I happen to know (since it's my last name) that the word “foster” comes from Old English and means “to nourish or rear.” The Kinsellas do so much more than feed, house and clothe this girl, though. They make her feel that she is loved and valued; they nourish her spirit. I finished this one-sitting read in a flood of tears, hoping the Kinsellas' care might be enough to protect the girl from the harshness she may well face in the rest of her growing-up years. In this exquisite novella, Keegan unfolds a cautionary tale of endangered childhood, also hinting at the enduring difference a little compassion can make.

Reviewed by Rebecca Foster

This review first ran in the November 16, 2022 issue of BookBrowse Recommends.

This review is available to non-members for a limited time. For full access become a member today.
Membership Advantages
  • Reviews
  • "Beyond the Book" articles
  • Free books to read and review (US only)
  • Find books by time period, setting & theme
  • Read-alike suggestions by book and author
  • Book club discussions
  • and much more!
  • Just $45 for 12 months or $15 for 3 months.
  • More about membership!


Read-Alikes Full readalike results are for members only

If you liked Foster, try these:

  • So Late in the Day jacket

    So Late in the Day

    by Claire Keegan

    Published 2023

    About this book

    More by this author

    From Booker Prize Finalist and bestselling author of "pitch perfect" (Boston Globe) Small Things Like These, comes a triptych of stories about love, lust, betrayal, and the ever-intriguing interchanges between women and men.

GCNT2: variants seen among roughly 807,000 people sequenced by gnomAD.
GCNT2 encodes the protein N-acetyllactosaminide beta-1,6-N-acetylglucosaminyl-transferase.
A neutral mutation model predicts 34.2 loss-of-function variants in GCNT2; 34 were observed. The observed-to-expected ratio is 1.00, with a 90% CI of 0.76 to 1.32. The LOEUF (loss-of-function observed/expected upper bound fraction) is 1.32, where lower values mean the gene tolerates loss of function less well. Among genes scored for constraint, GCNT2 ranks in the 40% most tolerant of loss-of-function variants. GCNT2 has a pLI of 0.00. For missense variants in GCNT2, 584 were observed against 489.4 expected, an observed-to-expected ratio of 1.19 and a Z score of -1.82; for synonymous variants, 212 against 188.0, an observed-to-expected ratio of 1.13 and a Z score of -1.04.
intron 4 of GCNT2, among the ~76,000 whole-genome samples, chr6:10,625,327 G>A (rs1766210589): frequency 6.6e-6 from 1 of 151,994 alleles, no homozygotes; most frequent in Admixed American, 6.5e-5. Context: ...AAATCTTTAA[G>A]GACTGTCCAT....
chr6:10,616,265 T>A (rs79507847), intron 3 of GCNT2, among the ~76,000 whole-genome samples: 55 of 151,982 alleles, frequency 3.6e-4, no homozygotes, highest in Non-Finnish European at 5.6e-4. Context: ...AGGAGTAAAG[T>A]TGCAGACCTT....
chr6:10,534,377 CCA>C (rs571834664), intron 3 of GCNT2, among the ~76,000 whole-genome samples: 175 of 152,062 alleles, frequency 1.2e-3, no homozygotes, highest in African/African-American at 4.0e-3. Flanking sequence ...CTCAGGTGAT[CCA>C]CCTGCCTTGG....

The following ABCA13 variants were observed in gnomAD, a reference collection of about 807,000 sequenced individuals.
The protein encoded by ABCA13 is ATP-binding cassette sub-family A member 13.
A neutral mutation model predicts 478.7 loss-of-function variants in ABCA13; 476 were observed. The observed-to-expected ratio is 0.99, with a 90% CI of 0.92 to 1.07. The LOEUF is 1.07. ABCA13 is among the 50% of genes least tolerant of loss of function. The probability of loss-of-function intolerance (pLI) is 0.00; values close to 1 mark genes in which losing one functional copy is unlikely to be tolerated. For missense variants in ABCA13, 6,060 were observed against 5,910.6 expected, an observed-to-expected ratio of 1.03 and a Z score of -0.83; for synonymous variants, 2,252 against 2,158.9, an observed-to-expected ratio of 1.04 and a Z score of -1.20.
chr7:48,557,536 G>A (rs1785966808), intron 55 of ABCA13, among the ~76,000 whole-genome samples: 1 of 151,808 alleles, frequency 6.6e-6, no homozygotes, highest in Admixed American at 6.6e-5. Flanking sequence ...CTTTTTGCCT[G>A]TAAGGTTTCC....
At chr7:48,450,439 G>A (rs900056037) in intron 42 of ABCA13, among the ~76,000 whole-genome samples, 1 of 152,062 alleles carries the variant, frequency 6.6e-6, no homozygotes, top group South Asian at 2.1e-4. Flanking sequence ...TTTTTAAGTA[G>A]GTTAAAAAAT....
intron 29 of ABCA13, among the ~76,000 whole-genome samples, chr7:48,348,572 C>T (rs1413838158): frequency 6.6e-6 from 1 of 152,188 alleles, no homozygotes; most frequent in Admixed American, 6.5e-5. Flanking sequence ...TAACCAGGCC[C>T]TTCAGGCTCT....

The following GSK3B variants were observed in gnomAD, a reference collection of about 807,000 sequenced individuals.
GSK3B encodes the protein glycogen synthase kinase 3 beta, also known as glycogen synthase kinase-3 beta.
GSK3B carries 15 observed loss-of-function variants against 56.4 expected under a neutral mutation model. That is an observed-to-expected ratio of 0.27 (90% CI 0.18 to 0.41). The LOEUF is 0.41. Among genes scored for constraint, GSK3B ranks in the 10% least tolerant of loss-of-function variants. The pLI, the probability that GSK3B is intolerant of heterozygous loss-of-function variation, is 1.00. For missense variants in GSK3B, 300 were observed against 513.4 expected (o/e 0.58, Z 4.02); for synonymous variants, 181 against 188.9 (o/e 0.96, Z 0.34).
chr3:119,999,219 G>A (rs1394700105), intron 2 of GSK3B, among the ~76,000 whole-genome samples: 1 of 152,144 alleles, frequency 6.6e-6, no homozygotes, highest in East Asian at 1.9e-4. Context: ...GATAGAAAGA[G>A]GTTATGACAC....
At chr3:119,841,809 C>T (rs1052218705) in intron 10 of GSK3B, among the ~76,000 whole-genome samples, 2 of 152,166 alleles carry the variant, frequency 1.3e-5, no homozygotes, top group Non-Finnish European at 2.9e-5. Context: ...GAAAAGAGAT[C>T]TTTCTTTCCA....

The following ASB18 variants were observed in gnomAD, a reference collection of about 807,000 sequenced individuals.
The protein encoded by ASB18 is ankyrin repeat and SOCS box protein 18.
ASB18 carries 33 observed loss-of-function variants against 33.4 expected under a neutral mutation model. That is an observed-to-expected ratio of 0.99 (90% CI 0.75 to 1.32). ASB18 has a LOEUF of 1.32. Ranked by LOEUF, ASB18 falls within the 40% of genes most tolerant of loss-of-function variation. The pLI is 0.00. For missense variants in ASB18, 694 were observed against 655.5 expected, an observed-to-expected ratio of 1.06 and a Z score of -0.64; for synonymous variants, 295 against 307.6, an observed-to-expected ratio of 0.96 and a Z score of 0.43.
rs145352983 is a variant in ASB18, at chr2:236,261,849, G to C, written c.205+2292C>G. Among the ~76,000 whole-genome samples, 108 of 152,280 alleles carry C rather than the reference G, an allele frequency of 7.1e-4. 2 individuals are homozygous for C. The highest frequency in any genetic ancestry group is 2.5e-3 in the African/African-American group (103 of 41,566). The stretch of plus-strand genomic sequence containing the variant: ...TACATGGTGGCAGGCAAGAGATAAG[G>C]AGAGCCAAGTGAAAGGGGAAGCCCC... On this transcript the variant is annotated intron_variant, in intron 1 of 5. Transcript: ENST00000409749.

• Fight Night jacket

    Fight Night

    by Miriam Toews

    Published 2023

    About this book

    More by this author

    From the bestselling author of Women Talking and All My Puny Sorrows, a compassionate, darkly humorous, and deeply wise new novel about three generations of women.

We have 4 read-alikes for Foster, but non-members are limited to two results. To see the complete list of this book's read-alikes, you need to be a member.
More books by Claire Keegan
Search read-alikes
How we choose read-alikes

Support BookBrowse

Join our inner reading circle, go ad-free and get way more!

Find out more

Top Picks

  • Book Jacket
    by K-Ming Chang
    In the first few pages of K-Ming Chang's bizarre yet engrossing novella Cecilia, Seven, the ...
  • Book Jacket: Women and Children First
    Women and Children First
    by Alina Grabowski
    After Lucy Anderson falls to her death at a high school party, no one in Nashquitten, her gloomy, ...
  • Book Jacket: Henry Henry
    Henry Henry
    by Allen Bratton
    Allen Bratton's Henry Henry chronicles a year in the life of Hal Lancaster. Readers already ...
  • Book Jacket: The Last Murder at the End of the World
    The Last Murder at the End of the World
    by Stuart Turton
    The island is the only safe place left on Earth. Since a deadly fog overtook the planet, the ...

BookBrowse Book Club

Book Jacket
Look on the Bright Side
by Kristan Higgins
From the author of Pack Up the Moon comes a funny, romantic, and moving novel about life's unexpected rewards.
Book Jacket
The Pecan Children
by Quinn Connor
Two sisters deeply tied to their small Southern town fight to break free of the darkness swallowing the land whole.
Win This Book
Win Bright and Tender Dark

Bright and Tender Dark by Joanna Pearson

A beautifully written, wire-taut debut novel about a murder on a college campus and its aftermath twenty years later.



Solve this clue:

A W in S C

and be entered to win..

Your guide toexceptional          books

BookBrowse seeks out and recommends the best in contemporary fiction and nonfiction—books that not only engage and entertain but also deepen our understanding of ourselves and the world around us.